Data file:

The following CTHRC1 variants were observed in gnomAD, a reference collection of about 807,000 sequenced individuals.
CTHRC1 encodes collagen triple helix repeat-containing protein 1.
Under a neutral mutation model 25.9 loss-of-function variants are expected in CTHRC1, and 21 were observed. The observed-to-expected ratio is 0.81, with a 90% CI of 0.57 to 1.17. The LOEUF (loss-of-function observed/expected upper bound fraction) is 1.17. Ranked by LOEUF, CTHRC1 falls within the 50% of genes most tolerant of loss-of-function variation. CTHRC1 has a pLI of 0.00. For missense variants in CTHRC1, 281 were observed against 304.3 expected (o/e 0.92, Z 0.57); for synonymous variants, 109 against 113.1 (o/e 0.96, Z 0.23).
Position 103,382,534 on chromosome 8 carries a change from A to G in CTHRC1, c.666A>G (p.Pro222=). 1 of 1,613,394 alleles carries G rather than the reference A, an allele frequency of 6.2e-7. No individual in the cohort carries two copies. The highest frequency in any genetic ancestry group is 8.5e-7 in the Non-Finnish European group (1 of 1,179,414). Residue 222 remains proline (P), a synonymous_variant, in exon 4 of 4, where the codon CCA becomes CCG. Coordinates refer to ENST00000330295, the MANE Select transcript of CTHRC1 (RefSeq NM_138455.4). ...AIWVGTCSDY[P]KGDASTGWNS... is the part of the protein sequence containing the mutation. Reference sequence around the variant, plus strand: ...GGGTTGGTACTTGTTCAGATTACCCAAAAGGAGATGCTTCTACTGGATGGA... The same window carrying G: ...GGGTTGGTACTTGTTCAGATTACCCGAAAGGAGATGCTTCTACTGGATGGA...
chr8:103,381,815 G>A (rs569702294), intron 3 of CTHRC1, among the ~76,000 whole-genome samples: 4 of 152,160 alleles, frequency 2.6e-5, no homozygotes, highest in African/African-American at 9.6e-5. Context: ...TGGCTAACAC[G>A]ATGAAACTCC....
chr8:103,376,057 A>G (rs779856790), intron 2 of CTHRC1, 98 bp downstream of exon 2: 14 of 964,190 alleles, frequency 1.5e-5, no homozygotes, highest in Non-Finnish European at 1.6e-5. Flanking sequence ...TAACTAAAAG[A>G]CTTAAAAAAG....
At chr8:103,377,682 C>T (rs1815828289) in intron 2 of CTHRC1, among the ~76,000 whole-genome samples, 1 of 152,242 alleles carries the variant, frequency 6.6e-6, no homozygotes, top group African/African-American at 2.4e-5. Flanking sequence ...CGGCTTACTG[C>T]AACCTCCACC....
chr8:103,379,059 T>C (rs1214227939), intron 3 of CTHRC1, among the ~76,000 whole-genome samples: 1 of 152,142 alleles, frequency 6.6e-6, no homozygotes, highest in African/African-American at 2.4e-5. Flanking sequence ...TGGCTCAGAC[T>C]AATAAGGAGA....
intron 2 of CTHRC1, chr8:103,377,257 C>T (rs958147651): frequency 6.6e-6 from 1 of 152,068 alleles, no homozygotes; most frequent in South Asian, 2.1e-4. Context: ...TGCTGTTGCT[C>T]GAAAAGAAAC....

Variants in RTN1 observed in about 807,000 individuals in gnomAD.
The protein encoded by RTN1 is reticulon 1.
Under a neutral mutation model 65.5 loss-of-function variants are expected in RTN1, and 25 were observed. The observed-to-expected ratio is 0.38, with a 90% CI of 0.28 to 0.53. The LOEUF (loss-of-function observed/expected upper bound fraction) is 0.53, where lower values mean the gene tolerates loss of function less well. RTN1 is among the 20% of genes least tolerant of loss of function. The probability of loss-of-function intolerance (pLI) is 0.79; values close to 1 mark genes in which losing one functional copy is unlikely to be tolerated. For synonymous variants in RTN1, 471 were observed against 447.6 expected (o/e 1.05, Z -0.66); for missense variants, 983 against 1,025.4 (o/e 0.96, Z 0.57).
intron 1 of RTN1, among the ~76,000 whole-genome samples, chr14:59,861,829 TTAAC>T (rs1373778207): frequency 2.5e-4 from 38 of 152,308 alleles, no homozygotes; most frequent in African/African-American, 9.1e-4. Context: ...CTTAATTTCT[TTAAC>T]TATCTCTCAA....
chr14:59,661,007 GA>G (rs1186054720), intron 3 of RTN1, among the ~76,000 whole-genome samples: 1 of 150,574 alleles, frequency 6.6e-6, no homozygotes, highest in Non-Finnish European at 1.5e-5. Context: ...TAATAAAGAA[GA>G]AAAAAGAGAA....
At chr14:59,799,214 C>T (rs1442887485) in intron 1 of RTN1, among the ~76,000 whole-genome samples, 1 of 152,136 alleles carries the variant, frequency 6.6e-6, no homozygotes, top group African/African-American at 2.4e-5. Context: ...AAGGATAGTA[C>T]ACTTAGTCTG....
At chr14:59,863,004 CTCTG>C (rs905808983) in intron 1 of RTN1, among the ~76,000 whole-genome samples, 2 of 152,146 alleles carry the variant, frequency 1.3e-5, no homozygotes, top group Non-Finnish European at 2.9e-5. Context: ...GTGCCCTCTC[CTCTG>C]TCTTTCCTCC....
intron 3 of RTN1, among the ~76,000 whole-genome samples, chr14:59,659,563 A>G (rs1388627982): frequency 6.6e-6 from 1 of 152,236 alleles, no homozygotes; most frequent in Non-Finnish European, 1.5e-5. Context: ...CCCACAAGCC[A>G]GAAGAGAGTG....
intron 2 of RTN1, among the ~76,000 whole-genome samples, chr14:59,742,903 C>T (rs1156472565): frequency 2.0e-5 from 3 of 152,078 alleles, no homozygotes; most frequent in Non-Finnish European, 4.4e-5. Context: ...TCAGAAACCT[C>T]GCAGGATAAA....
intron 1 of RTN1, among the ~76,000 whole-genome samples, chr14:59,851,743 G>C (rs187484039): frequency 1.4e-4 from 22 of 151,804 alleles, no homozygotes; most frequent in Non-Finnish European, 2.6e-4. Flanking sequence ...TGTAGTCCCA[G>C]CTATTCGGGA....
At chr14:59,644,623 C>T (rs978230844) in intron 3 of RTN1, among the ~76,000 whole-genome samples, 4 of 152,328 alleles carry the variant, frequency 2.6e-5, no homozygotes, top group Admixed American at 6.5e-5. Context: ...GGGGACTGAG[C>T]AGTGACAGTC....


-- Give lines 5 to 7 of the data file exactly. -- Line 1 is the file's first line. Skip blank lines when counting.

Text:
chr8:103,381,815 G>A (rs569702294), intron 3 of CTHRC1, among the ~76,000 whole-genome samples: 4 of 152,160 alleles, frequency 2.6e-5, no homozygotes, highest in African/African-American at 9.6e-5. Context: ...TGGCTAACAC[G>A]ATGAAACTCC....
chr8:103,376,057 A>G (rs779856790), intron 2 of CTHRC1, 98 bp downstream of exon 2: 14 of 964,190 alleles, frequency 1.5e-5, no homozygotes, highest in Non-Finnish European at 1.6e-5. Flanking sequence ...TAACTAAAAG[A>G]CTTAAAAAAG....
At chr8:103,377,682 C>T (rs1815828289) in intron 2 of CTHRC1, among the ~76,000 whole-genome samples, 1 of 152,242 alleles carries the variant, frequency 6.6e-6, no homozygotes, top group African/African-American at 2.4e-5. Flanking sequence ...CGGCTTACTG[C>T]AACCTCCACC....